Thursday 21 October 2010

What is the value of culture?


1. It is sometimes suggested that culture has no value. This is partially correct in the sense that culture has no necessary positive value, and may do harm.

2. One benefit of culture is to increase happiness, provide pleasure. Happiness is a good - although it is not a sufficient reason for something - rather, it is a desirable side effect.

3. Above this, culture may provide glimpses of transcendence - for example of transcendent unity, truth, beauty or virtue. These glimpses may be first knowledge, hints or reminders, or an inspiration for efforts. Indeed, for culture to be worth anything more than any other form of amusement, entails a belief in the reality of transcendence.

4. But culture is a form - and its value depends on content. In this world, any form which has power to do good, may also do harm. That which may point towards transcendent good may also point towards evil.

5. Since the romantic era, and exacerbated by modernism, there has been a notion that (properly considered) culture can only do good. That the arts - poetry, novels, the theatre, music; or indeed education, science, medicine - are intrinsically and always  'a good thing'.

6. But if you believe in the reality of transcendence, then you must acknowledge that transcendence can be evil as well as good. Culture may therefore point up or down.

7. If culture can do us real good, it must also be able to do us real harm. And the proportion of good-doing versus harm-doing culture will, presumably, vary according to time and place.

8. Once this is recognized we can see that culture is now and has been for many decades, mostly harm-doing. This used to be recognized clearly - but the net-harmful effect of culture has been hidden and made possible precisely by the doctrine that culture is intrinsically and always 'a good thing' - that funding of 'the arts' is intrinsically and always a good thing, that poetry, drama, novels, serious music - are intrinsically and always 'good for us'.

9. Untrue. I repeat and amplify - most contemporary poetry, novels, drama, movies, fine art, dance, serious music, sculpture, architecture and the rest are bad for us: glimpses not of transcendent good but of transcendent evil; foretastes not of 'heaven' but of 'hell' - but lyingly presented as the opposite. In so far as they do anything, they make us worse, not better. 

10. This explains why 'culture vultures', those undiscriminating mass producers and consumers of contemporary culture, are such shallow, selfish, arrogant, despicable characters.



xlbrl said...

It has been observed by many trenchant individuals that all things advancing are also in decline. But I don't know that the reverse is equally true.

a Finn said...

I would approach this slightly obliquely. Why the internet is so weak force of change relative to the number of people in it, and the quantity of all kinds of oppositional groups? Detailed reasons are many, but one of the greatest obstacle is the one-dimensionality of communication. Internet lacks two levels of communication, which are necessary to start and sustain actions and cooperation. The first is an organizing dense metacommunication, that would make what is happening in a loose internet group sensible, trustworthy, more reciprocal, understandable and predictable. Let's say X is blogging, and his goal is to gather an audience and later to form a group. X gathers 100 followers and he knows about them by their comments, and not much else. Let's say that the number of commenters is relatively stable fairly long time; if there are fluctuations, they will mostly self-correct in 3-4 days. Suddenly about fifty commenters disappear and don't come back after 2 weeks, and X and the rest of the group don't know why this happened. Uncertain situations are a bit unpleasant, so feelings have a tendency to color the observation negatively. X might think they don't like his writings anymore, they don't care about his writings anymore or don't see them as important enough to comment. The fifty still commenting see the situation similarly and take social cues from the situation. Many of the remaining fifty stop commenting. X thinks that this mass desertion is a clear sign of negative feelings towards him, lack of reciprocity and cooperation. In reality the first fifty still read his texts, but they were so busy because of various coincidental reasons, that they took a break, and never communicated it to X. X stops blogging.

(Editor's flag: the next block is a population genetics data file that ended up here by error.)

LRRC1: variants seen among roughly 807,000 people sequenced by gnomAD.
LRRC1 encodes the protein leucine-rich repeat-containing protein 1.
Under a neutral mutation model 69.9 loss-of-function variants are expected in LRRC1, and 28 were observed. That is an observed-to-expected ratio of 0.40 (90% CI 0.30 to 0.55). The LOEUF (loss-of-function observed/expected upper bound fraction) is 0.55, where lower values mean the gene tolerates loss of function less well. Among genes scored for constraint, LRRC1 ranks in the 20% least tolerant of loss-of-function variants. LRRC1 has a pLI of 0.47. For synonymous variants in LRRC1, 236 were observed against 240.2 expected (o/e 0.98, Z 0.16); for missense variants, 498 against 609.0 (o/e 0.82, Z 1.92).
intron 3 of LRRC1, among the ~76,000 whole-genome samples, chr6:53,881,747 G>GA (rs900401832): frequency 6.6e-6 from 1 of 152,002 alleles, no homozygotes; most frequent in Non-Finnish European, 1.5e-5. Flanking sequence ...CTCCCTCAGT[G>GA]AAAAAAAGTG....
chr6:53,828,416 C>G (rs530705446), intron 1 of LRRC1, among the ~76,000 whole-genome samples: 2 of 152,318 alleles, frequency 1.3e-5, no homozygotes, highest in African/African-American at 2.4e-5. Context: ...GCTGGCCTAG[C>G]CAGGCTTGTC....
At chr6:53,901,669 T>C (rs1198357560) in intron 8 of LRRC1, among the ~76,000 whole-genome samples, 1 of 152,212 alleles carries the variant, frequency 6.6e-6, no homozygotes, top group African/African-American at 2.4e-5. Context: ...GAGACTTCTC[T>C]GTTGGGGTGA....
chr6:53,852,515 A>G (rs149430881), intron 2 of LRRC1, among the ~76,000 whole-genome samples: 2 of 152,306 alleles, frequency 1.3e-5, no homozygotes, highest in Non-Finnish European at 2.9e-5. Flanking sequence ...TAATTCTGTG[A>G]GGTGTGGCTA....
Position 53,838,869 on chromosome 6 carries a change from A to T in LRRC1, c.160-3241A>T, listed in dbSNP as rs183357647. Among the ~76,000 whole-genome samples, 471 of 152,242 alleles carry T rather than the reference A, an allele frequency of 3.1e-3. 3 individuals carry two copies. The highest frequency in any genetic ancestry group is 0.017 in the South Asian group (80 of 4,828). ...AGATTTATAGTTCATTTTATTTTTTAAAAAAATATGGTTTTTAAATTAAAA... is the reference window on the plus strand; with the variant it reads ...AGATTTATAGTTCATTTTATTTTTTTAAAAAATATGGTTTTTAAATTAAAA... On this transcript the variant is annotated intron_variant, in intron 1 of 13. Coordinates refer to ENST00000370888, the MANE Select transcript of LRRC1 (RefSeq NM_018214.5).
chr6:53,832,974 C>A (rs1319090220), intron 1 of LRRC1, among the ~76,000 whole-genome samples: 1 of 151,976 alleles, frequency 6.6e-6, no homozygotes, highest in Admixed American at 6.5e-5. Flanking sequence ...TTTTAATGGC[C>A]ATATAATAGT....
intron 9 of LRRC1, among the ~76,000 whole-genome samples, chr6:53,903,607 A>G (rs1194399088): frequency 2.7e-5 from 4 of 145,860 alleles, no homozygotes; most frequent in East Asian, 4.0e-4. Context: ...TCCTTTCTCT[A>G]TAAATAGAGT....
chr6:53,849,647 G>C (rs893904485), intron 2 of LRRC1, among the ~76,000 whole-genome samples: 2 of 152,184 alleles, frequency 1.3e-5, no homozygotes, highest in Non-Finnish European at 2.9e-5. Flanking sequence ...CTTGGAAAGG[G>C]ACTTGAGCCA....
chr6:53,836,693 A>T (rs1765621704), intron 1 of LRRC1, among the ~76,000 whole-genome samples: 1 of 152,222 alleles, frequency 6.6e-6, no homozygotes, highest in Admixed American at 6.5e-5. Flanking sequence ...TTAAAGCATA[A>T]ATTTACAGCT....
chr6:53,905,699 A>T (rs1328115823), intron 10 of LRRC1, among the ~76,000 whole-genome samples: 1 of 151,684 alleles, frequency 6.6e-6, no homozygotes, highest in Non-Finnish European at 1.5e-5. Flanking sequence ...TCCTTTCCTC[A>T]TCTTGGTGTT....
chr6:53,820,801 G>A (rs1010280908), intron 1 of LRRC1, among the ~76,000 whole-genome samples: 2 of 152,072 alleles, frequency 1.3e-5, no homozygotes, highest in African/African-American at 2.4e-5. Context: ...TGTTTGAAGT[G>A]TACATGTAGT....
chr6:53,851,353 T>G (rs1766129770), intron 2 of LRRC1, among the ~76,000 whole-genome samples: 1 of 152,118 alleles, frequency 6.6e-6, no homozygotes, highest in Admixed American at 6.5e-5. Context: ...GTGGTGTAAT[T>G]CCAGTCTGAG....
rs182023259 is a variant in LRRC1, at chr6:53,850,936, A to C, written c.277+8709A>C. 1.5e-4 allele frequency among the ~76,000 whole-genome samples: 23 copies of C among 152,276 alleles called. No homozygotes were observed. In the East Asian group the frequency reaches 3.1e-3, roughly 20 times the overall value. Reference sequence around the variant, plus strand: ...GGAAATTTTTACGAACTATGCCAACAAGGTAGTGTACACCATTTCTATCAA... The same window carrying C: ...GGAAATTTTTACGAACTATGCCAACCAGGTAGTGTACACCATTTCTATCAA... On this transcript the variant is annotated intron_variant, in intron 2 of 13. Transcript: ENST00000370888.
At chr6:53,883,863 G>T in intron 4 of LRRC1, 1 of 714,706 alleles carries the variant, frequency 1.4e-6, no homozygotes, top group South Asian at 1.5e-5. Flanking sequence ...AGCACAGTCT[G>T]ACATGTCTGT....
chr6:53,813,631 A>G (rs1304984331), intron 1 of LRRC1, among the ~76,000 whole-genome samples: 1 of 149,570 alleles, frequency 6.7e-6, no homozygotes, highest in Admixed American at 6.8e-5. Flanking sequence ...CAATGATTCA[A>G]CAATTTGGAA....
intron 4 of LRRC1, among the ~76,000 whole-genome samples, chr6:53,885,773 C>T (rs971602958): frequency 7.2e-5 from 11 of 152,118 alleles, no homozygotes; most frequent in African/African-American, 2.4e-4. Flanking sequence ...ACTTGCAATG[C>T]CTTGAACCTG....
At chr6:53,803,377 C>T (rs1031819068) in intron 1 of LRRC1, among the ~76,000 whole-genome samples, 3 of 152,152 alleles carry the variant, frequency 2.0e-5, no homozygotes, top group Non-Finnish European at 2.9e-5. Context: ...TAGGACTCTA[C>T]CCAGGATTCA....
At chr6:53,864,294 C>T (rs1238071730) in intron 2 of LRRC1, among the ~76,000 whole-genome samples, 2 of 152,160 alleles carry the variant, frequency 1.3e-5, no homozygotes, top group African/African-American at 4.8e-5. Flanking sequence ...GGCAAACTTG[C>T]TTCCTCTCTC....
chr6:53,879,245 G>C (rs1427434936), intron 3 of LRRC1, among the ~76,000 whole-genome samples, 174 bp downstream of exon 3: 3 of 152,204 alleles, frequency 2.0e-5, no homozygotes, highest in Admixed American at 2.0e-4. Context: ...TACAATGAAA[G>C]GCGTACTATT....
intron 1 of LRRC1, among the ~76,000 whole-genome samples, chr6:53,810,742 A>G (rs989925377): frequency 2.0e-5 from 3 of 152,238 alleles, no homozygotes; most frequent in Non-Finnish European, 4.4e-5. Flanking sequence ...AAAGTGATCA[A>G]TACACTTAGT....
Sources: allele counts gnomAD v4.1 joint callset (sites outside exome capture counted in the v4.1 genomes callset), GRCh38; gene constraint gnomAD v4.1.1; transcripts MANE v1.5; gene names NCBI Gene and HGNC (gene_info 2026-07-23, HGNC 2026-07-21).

I let the reader to imagine the thousands of ways, in which these kinds of shortages and failures in metacommunication can lead to abortion of the loose cooperation of internet groups.

The second, partly overlapping with the previous, is the lack of face to face communication and real life cooperation.

Continued ...

a Finn said...

Part 2.

There maybe a lot of communication in internet, but it is too thin to correspond to the social predispositions and requirements of people. 747 eagerly drives along runways, but it's wings are too stubby and the speed is too low; thus no take-off.